Most of the world struggles to find language for traumatic experiences. Betrayal, aloneness, complexity, and crisis force us to process. The awkwardness of finding ourselves around others who are navigating trauma can be telling in how we react or interact. If we aren’t careful with what we say and how we say it, we can make an already terrible circumstance even worse. To sympathize originally means to suffer with. I can recall several conversations with others when my sister died two years ago. “Chad, you can never question God’s plans, he knows all, and knows what’s best”. I can neither agree or disagree with the comment on it’s own. However, we can very much question God in almost any scenario if we are honest. I can personally believe that God does indeed know all. One can move past the content of this comment, but it does reveal the fact that we struggle to find how and what to say during a traumatic environment.
Sometimes the best thing we can do in these type of spaces is to say nothing at all. Our presence may be the only communication we need to offer. We have a difficult time with shutting up. We love to hear ourselves talk, even if it is nonsense. I would also dare say that by attempting to find words to say, we belittle some subject matter. Sometimes there simply aren’t words for beautiful moments or even traumatic moments. So, anything that is expressed just fails to convey the scope of our emotions and thoughts no matter our intentions. Have you ever had a friend that you found yourself spending time with where neither of you felt the pressure to constantly talk? Those are far and few between, but when found it says a lot of the depth and understanding in that relationship. There is something beautiful about having the right words to say, but there can be something even more beautiful when we allow the space for silence. It can be a peaceful expression on it’s own.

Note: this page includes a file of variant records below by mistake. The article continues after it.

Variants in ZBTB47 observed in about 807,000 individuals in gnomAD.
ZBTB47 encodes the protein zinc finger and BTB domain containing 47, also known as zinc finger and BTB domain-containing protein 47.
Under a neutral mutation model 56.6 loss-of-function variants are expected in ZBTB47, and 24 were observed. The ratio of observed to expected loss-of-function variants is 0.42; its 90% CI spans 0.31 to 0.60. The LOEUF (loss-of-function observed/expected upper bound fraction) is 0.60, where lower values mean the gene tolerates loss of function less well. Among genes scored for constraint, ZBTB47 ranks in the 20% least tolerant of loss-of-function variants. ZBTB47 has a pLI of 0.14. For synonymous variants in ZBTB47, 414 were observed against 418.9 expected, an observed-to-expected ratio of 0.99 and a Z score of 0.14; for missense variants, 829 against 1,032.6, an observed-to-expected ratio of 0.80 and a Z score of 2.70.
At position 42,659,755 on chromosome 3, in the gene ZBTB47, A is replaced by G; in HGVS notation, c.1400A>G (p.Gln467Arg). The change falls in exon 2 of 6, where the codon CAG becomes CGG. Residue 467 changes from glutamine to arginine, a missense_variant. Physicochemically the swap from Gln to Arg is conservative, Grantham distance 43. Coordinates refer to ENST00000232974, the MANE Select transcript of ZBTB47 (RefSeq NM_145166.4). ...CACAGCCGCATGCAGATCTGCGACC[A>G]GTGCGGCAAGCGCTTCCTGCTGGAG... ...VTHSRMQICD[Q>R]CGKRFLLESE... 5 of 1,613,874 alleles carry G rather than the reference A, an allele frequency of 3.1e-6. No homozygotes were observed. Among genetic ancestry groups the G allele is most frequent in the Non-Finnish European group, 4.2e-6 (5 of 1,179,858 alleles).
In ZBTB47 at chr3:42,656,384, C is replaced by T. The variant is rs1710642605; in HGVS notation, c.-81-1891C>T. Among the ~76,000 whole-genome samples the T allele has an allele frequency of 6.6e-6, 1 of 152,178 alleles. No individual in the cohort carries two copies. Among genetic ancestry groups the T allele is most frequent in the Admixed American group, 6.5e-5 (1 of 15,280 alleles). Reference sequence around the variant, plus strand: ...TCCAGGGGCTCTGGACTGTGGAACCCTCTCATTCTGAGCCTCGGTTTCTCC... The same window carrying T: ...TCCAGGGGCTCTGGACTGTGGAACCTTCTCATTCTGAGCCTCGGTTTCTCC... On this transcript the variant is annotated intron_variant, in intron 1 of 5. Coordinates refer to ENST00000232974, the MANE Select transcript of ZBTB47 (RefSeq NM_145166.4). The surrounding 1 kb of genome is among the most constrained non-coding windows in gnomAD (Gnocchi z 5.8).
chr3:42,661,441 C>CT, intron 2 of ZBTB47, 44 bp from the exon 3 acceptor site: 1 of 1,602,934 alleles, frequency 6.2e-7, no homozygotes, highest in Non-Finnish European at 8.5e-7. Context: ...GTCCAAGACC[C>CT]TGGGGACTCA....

They can be like the sun, words. They can do for the heart what light can for a field. -St John of the Cross
I believe that we can see the mystery and majesty of God through our broken moments. We tend to not do ourselves any favors by cheapening moments of deep meaning by saying the wrong thing, not saying the right thing, or saying anything at all. Everything speaks. This applies to normal everyday conversations, worship gatherings, communication strategies (print, branding, etc). This may heighten our awareness of the weight found in our words.
If everything does indeed speak, our verbiage matters.
I am a believer in the power of words. Be it a poetic approach or simply an informative angle. Within my world, words can inspire, confuse, or even distract.
In addition to describing a subject matter, our language also communicates what we’re not saying. Think about it. By conveying a description, we also send a message of what we are not actually expressing. The language that a group of people use often describes that tribe of people. It can express how they dress, the kind of music they listen to, and what they believe.
I will admit that I get hung up on words. You might be thinking “dude, get over it, you know what I mean”. I would say, maybe more thought, patience, and self control would allow for a deepening of the words we choose to use.